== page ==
7 Things Not to Do In Resume Writing
By Michelle Dumas,
the Director of Distinctive Career Services LLC
Focus On Yourself.
This is one of the most important rules when composing your
resume -- don't focus on yourself. Yes, of course it is your
resume and of course your resume is about you. But when you
write your resume, you should do so with the employer's
needs in mind. Rather than including a "resume objective,"
for example, which tells the reader what YOU want, write a
"summary of qualifications" section that tells the reader
what you OFFER them. Your summary section and entire resume
should be written to showcase the qualifications that you
bring to the table that will make you a valuable addition to
your future employer's team. The "employment history" section
of your resume should be written to emphasize achievements,
but include only those details and achievements that are
relevant to the intended recipient of your resume, and write
your achievements statements with an eye toward providing
proof of your aility to deliver similar contributions and
value in the future.
Don't Be Too General.
While you might think that being intentionally vague is a
good ploy to attract a broader spectrum of employers, this
strategy is almost guaranteed to backfire. Many recruiters
will tell you that they receive hundreds and hundreds of
resumes in response to just a single job posting. They will
not have time to go through each methodically. You'll be
lucky if you resume gets a quick 15-second scan. This quick
scan must give the employer an immediately obvious idea of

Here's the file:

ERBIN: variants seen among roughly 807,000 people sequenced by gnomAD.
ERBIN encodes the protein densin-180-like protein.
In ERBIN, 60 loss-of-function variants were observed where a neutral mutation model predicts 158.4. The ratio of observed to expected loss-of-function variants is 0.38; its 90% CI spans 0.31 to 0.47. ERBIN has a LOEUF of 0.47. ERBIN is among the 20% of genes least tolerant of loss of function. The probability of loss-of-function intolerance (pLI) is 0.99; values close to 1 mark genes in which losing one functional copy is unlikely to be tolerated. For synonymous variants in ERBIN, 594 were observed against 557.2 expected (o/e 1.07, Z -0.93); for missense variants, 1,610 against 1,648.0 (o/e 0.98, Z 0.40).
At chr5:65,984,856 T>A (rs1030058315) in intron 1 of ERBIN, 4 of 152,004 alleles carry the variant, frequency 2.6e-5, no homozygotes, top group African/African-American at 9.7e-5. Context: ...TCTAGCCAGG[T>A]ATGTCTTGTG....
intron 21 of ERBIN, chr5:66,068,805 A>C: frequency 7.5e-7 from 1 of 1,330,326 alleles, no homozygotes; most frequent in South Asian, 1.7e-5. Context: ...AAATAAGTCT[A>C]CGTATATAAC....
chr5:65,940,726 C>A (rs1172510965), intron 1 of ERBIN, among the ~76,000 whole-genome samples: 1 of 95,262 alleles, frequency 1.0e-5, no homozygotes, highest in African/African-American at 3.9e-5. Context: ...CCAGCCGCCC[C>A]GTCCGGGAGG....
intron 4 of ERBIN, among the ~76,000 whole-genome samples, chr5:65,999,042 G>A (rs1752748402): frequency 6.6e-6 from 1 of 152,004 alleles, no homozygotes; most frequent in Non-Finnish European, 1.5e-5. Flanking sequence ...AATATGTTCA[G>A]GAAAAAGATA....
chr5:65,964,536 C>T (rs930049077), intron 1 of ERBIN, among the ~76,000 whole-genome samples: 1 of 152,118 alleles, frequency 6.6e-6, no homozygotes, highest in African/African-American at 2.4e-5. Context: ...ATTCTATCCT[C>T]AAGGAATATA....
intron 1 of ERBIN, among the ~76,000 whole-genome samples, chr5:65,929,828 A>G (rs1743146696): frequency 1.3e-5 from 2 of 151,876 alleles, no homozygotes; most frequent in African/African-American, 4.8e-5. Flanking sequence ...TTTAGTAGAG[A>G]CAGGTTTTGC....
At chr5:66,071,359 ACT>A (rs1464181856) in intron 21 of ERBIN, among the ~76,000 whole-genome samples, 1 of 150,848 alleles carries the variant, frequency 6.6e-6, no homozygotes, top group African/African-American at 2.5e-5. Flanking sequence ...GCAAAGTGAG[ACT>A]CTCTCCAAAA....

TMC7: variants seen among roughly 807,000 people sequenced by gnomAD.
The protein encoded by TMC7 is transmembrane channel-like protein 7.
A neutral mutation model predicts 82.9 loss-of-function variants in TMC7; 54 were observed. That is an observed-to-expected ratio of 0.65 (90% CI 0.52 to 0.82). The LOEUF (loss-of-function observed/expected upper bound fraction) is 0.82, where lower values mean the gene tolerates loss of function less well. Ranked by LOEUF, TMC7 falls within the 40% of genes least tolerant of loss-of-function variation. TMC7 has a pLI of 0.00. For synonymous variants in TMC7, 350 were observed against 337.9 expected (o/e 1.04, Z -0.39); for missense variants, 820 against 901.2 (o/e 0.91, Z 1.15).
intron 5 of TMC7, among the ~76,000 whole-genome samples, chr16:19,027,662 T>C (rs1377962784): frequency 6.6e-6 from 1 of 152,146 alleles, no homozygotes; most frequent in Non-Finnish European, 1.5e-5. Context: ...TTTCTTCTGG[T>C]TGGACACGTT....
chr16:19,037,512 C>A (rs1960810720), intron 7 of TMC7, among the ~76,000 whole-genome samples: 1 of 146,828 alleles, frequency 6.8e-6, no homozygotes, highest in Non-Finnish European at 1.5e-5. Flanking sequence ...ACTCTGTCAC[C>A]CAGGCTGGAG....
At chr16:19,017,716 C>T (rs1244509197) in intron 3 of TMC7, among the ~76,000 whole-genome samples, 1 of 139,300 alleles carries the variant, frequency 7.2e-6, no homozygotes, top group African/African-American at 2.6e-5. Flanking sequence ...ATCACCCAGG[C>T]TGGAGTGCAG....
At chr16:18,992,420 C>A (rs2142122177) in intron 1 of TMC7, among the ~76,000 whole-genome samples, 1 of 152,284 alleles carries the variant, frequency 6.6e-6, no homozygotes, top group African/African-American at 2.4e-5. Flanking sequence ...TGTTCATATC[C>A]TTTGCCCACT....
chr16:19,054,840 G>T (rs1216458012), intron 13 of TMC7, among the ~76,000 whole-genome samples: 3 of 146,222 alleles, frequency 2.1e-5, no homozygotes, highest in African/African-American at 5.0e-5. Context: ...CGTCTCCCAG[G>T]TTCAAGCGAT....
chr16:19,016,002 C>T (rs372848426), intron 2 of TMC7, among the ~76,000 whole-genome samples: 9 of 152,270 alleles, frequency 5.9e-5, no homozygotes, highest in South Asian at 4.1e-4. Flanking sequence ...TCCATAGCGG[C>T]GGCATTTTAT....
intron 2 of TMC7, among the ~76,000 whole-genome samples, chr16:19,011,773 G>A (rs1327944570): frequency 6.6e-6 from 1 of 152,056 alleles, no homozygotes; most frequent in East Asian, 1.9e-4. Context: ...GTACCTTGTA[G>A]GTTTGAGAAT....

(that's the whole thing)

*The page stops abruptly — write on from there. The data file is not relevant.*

what you have to offer and whether or not a closer
examination of your resume is justified. If your resume
focus isn't crystal clear -- if the key points don't literally
jump off the page at the reader -- if the content isn't focused
to show how you will meet that employer's needs -- you will not
make it through the cut. Be specific and write your resume to
highlight the qualifications and accomplishments relevant to
Don't Be Generic.
Generic qualifications are those that simply put you on par
with your peers. Nearly everyone working within your
profession and industry can lay claim to certain baseline
qualifications. If these become the focus of your resume,
your resume will seem generic. While your baseline
credentials are important and should be mentioned in your
resume, they do nothing to differentiate you. Baseline
qualifications aren't what will win you an interview.
Showcasing baseline qualifications will simply make your
resume seem generic and ensure it blends in with all the
others. Instead, showcase those qualifications that
differentiate you and set you apart from your competition in
the job market. Communicate to the employer what makes you
unique and valuable and what uniquely qualifies you to meet
their needs, as opposed to the other applicants. Now take it
a step further and provide some examples of past
accomplishments that illustrate your differentiating
Don't Focus On Job Responsibilities.
Focusing your resume on the responsibilities that you have
held in past positions simply informs the reader what you
were supposed to do, not what you did do. There is a
difference between being responsible for something and
actually achieving something. Your resume should use active